15 Effects of Love on Your Brain and Body (2022)

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There’s no denying that love can do a number on you, whether you’re head over heels, stuck on someone, or completely swept away.

You don’t need to do much more than pick up a book or turn on the radio or TV to hear about love’s effects.

Even the oldest written love song discovered to date has something to add: “You have captivated me, let me stand tremblingly before you,” reads the translation of “The Love Song for Shu-Sin,” which dates to approximately 2000 B.C.

More modern media examples, including romantic comedies and sentimental tales of soul mates, can sometimes be a little hard to swallow, especially if Cupid’s arrows don’t strike you quite that hard.

But if you’ve been in love yourself, you’ll know the occasional exaggerations don’t entirely miss the mark.

Many people describe love as something you just have to learn to recognize when it happens. If you need a little help in that department, here are 15 telltale effects to look for.

When you think of love, your heart might be the first organ that comes to mind.

While terms like “thinking with your heart,” “you’re in my heart,” and “heartbroken” make this pretty understandable, you really have your brain to thank — that’s where it all goes down.

The brain changes triggered by love certainly affect your mood and behavior when these feelings are new, but some effects linger long past the first blush of love, continuing to strengthen your commitment over time.

Here’s a look at some of the major effects.

Euphoria

That giddy, euphoric excitement you feel when spending time with the person you love (or seeing them across the room, or hearing their name)? You can trace this entirely normal effect of falling in love back to the neurotransmitter dopamine.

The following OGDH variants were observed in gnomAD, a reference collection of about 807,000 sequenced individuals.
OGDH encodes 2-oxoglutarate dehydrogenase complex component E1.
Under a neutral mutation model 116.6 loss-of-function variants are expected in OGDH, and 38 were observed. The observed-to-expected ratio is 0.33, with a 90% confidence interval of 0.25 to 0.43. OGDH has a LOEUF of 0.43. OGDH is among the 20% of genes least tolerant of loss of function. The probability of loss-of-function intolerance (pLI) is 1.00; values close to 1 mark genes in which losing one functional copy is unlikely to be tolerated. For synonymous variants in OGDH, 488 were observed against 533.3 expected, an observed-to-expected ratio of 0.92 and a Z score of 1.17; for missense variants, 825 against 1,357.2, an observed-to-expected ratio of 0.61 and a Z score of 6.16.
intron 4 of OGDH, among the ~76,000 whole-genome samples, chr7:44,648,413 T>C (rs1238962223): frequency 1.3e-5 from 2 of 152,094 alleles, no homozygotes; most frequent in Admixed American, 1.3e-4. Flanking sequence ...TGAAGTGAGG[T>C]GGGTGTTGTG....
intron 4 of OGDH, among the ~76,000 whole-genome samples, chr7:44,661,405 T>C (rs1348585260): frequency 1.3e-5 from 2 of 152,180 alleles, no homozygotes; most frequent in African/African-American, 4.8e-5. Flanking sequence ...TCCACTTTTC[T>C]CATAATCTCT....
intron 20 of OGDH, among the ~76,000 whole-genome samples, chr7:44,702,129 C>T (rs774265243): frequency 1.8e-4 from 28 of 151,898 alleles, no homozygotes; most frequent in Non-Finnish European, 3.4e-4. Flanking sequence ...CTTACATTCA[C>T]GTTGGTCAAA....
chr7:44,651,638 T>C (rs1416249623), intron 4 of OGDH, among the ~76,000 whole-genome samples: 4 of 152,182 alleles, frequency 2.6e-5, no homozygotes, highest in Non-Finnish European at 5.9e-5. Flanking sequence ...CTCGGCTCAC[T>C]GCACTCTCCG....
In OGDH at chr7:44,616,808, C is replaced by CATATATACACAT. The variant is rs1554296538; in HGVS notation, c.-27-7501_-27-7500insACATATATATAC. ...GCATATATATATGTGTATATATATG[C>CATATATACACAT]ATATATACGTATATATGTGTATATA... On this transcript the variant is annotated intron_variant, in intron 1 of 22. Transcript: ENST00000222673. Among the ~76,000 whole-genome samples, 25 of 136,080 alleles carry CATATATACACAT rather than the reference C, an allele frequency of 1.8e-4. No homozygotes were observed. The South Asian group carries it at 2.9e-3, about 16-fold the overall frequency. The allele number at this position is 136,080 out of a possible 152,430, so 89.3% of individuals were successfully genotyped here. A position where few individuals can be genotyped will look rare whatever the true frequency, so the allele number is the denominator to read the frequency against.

Your brain’s reward system relies on this important chemical to reinforce pleasurable behaviors, including:

  • eating
  • listening to music
  • having sex
  • seeing people you love

Simply thinking about the object of your affections is enough to trigger dopamine release, making you feel excited and eager to do whatever it takes to see them.

Then, when you actually do see them, your brain “rewards” you with more dopamine, which you experience as intense pleasure.

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Researchers believe this cycle plays an important part in mating behavior. Feeling good when you spend time with the person you love makes it more likely you’ll keep doing it.

From a purely biological perspective, this is an important first step in the process of choosing an ideal mate to reproduce with.

Attachment and security

When it comes to love, dopamine isn’t the only chemical on the field. Oxytocin levels also surge, boosting feelings of attachment, safety, and trust.

This is why you probably feel comfortable and relaxed in in the company of a partner, especially once your love makes it past the first early rush. These feelings might seem even stronger after touching, kissing, or sex. That’s oxytocin at work. It’s nicknamed “the love hormone” for a reason.

This release of oxytocin can strengthen your bond, in part because it may decrease your interest in other potential partners. In short, the better your partner makes you feel, the closer you’ll likely want to become.

Willingness to sacrifice

Most people agree love involves some degree of compromise and sacrifice.

Sacrifices can range from small — like going with dandelion yellow paint in the kitchen instead of robin’s egg blue — to life-altering. For example, you might move across the country, even to a different country, to support your partner.

As love flourishes, you may find yourself more willing to make these sacrifices. It’s believed this happens because partners tend to become more synced up, thanks in part to the vagus nerve, which begins in your brain and plays a role in everything from your facial expressions to the rhythm of your heart.

This alignment can help you notice when they feel sad or distressed. Since it’s only natural to want to keep someone you love from experiencing pain, you might choose to sacrifice something for this reason.

Constant thoughts

Is the person you love front and center in your thoughts? Maybe you think about them so often they’ve even started to feature in your dreams.

This partially relates to the dopamine cycle that rewards these positive thoughts, but 2005 research suggests you can also thank another part of your brain: the anterior cingulate cortex.

Experts have linked this brain region to obsessive-compulsive behaviors, which can help explain why the intensity and frequency of your thoughts might seem to creep toward the level of an obsession.